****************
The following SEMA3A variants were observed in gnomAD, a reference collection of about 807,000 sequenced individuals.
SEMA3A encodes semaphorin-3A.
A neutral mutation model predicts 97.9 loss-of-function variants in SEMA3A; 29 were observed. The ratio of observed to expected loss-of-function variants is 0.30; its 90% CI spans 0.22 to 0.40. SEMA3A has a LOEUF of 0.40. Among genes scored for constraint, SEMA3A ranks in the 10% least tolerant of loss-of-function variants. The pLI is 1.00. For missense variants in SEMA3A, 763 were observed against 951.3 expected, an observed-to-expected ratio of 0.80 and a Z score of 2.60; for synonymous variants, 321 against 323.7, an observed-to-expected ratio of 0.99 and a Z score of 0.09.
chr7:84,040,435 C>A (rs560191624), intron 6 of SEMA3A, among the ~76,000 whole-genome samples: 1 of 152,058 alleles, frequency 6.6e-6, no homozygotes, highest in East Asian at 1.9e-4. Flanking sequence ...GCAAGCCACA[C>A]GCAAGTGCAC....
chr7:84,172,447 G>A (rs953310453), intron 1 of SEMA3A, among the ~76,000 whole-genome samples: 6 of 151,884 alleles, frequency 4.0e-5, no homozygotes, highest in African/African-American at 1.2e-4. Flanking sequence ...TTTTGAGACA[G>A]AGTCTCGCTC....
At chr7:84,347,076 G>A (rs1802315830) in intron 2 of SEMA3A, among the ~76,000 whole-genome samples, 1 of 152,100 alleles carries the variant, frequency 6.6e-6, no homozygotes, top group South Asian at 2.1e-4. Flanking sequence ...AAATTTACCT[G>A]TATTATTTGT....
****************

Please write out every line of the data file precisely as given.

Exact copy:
The following SEMA3A variants were observed in gnomAD, a reference collection of about 807,000 sequenced individuals.
SEMA3A encodes semaphorin-3A.
A neutral mutation model predicts 97.9 loss-of-function variants in SEMA3A; 29 were observed. The ratio of observed to expected loss-of-function variants is 0.30; its 90% CI spans 0.22 to 0.40. SEMA3A has a LOEUF of 0.40. Among genes scored for constraint, SEMA3A ranks in the 10% least tolerant of loss-of-function variants. The pLI is 1.00. For missense variants in SEMA3A, 763 were observed against 951.3 expected, an observed-to-expected ratio of 0.80 and a Z score of 2.60; for synonymous variants, 321 against 323.7, an observed-to-expected ratio of 0.99 and a Z score of 0.09.
chr7:84,040,435 C>A (rs560191624), intron 6 of SEMA3A, among the ~76,000 whole-genome samples: 1 of 152,058 alleles, frequency 6.6e-6, no homozygotes, highest in East Asian at 1.9e-4. Flanking sequence ...GCAAGCCACA[C>A]GCAAGTGCAC....
chr7:84,172,447 G>A (rs953310453), intron 1 of SEMA3A, among the ~76,000 whole-genome samples: 6 of 151,884 alleles, frequency 4.0e-5, no homozygotes, highest in African/African-American at 1.2e-4. Flanking sequence ...TTTTGAGACA[G>A]AGTCTCGCTC....
At chr7:84,347,076 G>A (rs1802315830) in intron 2 of SEMA3A, among the ~76,000 whole-genome samples, 1 of 152,100 alleles carries the variant, frequency 6.6e-6, no homozygotes, top group South Asian at 2.1e-4. Flanking sequence ...AAATTTACCT[G>A]TATTATTTGT....